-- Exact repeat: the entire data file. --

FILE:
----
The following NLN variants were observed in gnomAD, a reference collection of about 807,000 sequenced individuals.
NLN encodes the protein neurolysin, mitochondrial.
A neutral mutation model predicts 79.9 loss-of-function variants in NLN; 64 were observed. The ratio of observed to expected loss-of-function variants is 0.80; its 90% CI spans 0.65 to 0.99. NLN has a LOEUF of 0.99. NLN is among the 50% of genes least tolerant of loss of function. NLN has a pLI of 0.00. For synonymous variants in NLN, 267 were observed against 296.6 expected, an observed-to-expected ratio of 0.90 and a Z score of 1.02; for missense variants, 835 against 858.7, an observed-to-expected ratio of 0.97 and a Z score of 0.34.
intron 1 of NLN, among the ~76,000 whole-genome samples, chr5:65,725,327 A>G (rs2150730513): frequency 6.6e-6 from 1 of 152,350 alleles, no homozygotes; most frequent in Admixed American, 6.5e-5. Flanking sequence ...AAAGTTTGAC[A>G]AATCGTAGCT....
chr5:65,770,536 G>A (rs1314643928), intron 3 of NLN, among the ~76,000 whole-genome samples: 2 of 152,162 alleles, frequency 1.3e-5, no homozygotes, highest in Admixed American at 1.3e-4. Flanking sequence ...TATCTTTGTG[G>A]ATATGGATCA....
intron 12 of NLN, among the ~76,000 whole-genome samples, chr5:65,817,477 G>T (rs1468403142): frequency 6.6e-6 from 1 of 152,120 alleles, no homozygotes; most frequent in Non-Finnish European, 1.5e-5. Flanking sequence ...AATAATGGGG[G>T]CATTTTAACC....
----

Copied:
The following NLN variants were observed in gnomAD, a reference collection of about 807,000 sequenced individuals.
NLN encodes the protein neurolysin, mitochondrial.
A neutral mutation model predicts 79.9 loss-of-function variants in NLN; 64 were observed. The ratio of observed to expected loss-of-function variants is 0.80; its 90% CI spans 0.65 to 0.99. NLN has a LOEUF of 0.99. NLN is among the 50% of genes least tolerant of loss of function. NLN has a pLI of 0.00. For synonymous variants in NLN, 267 were observed against 296.6 expected, an observed-to-expected ratio of 0.90 and a Z score of 1.02; for missense variants, 835 against 858.7, an observed-to-expected ratio of 0.97 and a Z score of 0.34.
intron 1 of NLN, among the ~76,000 whole-genome samples, chr5:65,725,327 A>G (rs2150730513): frequency 6.6e-6 from 1 of 152,350 alleles, no homozygotes; most frequent in Admixed American, 6.5e-5. Flanking sequence ...AAAGTTTGAC[A>G]AATCGTAGCT....
chr5:65,770,536 G>A (rs1314643928), intron 3 of NLN, among the ~76,000 whole-genome samples: 2 of 152,162 alleles, frequency 1.3e-5, no homozygotes, highest in Admixed American at 1.3e-4. Flanking sequence ...TATCTTTGTG[G>A]ATATGGATCA....
intron 12 of NLN, among the ~76,000 whole-genome samples, chr5:65,817,477 G>T (rs1468403142): frequency 6.6e-6 from 1 of 152,120 alleles, no homozygotes; most frequent in Non-Finnish European, 1.5e-5. Flanking sequence ...AATAATGGGG[G>T]CATTTTAACC....